The drill is sadly familiar by now. These funerals of public figures in the Trump era have become the mark of our divided and splintered politics, the gathering spaces at which we are forced to take stock of the widening gap between our current President and the state of his party and what the leaders of both parties once believed. When John McCain, the Trump-resisting Republican senator from Arizona and a Vietnam War hero, died, in 2018, we saw it. And, again, a few months later, for George H. W. Bush, the Republican avatar of a vanishing East Coast-conservative establishment, whose last vote for President was against Trump, in 2016.
Lewis’s sendoff was always going to be a grand one. He was one of the last of the civil-rights greats still with us. He had long ago guaranteed his place in the American pantheon with that march in Selma, as a young man—and with the decades that followed of irrepressible service and indefatigable activism for social justice and equality under law. During the service, he was hailed as Martin Luther King, Jr.,’s disciple, the heir of Gandhi and Mandela, a great-great-grandson of slaves whose moral audacity and sheer bravery transformed him into “Saint Lewis,” a would-be preacher who became the sermon himself.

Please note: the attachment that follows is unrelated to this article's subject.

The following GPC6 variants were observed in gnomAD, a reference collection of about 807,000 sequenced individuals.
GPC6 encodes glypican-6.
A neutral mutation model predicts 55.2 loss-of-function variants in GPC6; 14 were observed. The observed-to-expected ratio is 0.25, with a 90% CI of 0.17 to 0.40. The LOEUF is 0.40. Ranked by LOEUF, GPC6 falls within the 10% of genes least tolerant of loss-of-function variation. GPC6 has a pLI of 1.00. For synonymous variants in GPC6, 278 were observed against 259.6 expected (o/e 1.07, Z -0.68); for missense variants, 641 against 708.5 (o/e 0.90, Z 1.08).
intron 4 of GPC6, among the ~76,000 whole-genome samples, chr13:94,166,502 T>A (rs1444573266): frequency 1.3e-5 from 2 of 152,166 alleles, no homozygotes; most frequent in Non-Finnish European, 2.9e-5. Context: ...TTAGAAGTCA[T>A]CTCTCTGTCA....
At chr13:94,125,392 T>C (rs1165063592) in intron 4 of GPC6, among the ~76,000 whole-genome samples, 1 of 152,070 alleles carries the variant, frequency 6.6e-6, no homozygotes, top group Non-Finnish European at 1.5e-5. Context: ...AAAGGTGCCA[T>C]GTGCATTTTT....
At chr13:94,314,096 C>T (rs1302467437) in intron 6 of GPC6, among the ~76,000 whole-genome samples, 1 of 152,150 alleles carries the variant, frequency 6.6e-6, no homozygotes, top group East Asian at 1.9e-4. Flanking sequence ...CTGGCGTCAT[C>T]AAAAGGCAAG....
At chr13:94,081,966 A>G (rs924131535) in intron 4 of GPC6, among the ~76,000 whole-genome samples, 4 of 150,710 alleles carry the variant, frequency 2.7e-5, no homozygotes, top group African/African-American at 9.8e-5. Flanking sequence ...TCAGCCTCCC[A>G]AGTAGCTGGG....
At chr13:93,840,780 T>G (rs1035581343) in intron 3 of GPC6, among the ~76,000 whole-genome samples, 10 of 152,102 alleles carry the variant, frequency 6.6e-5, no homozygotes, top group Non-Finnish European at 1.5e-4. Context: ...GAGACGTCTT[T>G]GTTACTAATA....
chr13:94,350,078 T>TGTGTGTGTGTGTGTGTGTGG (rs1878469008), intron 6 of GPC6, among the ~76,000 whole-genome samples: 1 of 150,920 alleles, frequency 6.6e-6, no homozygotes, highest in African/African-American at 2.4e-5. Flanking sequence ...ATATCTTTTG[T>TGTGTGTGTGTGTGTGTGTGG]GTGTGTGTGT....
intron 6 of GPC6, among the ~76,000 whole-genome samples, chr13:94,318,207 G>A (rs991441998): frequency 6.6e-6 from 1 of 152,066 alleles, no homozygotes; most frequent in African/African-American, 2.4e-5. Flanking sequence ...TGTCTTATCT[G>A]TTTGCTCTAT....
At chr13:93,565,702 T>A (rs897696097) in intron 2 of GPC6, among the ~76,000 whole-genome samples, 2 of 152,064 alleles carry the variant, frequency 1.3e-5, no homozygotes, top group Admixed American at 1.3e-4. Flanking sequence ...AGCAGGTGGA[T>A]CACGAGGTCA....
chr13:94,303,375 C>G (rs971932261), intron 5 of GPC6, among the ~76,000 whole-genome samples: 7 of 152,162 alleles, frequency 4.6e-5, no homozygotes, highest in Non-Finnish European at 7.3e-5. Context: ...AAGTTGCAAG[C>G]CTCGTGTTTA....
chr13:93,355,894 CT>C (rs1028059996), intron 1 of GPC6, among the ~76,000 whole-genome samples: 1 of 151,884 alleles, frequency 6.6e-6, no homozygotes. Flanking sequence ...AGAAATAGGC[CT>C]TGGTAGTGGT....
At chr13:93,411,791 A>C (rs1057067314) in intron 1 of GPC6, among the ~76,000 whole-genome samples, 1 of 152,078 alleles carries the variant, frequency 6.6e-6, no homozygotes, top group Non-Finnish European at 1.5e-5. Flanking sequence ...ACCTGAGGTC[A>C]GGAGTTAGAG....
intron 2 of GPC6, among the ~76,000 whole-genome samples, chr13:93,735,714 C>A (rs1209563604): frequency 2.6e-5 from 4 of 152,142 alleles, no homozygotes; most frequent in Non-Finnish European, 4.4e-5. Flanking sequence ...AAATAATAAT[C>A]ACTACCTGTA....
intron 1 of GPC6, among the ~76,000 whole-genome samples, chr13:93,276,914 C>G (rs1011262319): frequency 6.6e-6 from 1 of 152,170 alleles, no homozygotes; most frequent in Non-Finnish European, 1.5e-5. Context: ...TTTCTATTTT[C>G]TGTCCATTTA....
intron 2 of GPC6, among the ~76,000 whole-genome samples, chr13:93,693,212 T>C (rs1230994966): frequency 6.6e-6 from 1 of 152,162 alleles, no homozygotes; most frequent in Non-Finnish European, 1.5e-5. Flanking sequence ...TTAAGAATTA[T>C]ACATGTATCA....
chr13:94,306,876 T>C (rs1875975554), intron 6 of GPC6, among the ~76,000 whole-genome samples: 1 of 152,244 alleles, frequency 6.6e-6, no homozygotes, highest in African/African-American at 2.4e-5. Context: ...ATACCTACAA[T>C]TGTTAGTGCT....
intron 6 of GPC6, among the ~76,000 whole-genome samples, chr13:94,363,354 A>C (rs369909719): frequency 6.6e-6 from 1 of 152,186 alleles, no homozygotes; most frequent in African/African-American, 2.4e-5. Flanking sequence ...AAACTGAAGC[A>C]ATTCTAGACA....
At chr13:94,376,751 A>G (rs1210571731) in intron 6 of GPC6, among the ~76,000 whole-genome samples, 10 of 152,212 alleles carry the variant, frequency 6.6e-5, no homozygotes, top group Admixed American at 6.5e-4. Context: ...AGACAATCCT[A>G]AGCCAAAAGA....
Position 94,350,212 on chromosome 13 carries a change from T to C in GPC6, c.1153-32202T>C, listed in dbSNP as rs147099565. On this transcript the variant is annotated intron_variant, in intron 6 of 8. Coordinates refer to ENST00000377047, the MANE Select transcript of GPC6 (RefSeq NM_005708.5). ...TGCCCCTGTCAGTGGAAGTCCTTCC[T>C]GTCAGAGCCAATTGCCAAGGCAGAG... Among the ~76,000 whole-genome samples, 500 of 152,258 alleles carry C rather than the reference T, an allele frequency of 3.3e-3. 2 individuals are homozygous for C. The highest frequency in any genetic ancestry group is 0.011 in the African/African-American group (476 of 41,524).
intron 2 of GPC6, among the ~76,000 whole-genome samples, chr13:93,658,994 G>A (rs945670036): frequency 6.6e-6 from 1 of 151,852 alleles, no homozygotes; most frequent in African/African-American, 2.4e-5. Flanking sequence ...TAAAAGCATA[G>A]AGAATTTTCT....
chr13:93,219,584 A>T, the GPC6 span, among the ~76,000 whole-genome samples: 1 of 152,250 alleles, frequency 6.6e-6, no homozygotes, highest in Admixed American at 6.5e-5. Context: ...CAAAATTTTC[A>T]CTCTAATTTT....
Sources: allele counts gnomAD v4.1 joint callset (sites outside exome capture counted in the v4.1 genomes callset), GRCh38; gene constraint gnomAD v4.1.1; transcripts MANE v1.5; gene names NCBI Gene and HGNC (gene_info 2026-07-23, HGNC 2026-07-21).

But Trump’s tweet provided the urgency of the moment, the infuriating and clarifying framing for a funeral that took place when the rights for which Lewis fought—not the least of which is the right for all eligible voters to cast their ballot this fall—are under threat as never before. Bill Campbell, the former mayor of Atlanta, told the mourners at Atlanta’s storied Ebenezer Baptist Church that Lewis had conveyed to him a final wish when they last met. “He pulled me closer and he whispered, ‘Everyone has to vote in November. It is the most important election ever,’ ” Campbell said. “I promised him that with every fibre in my body. . . . If you truly want to honor this American hero, make sure that you vote.”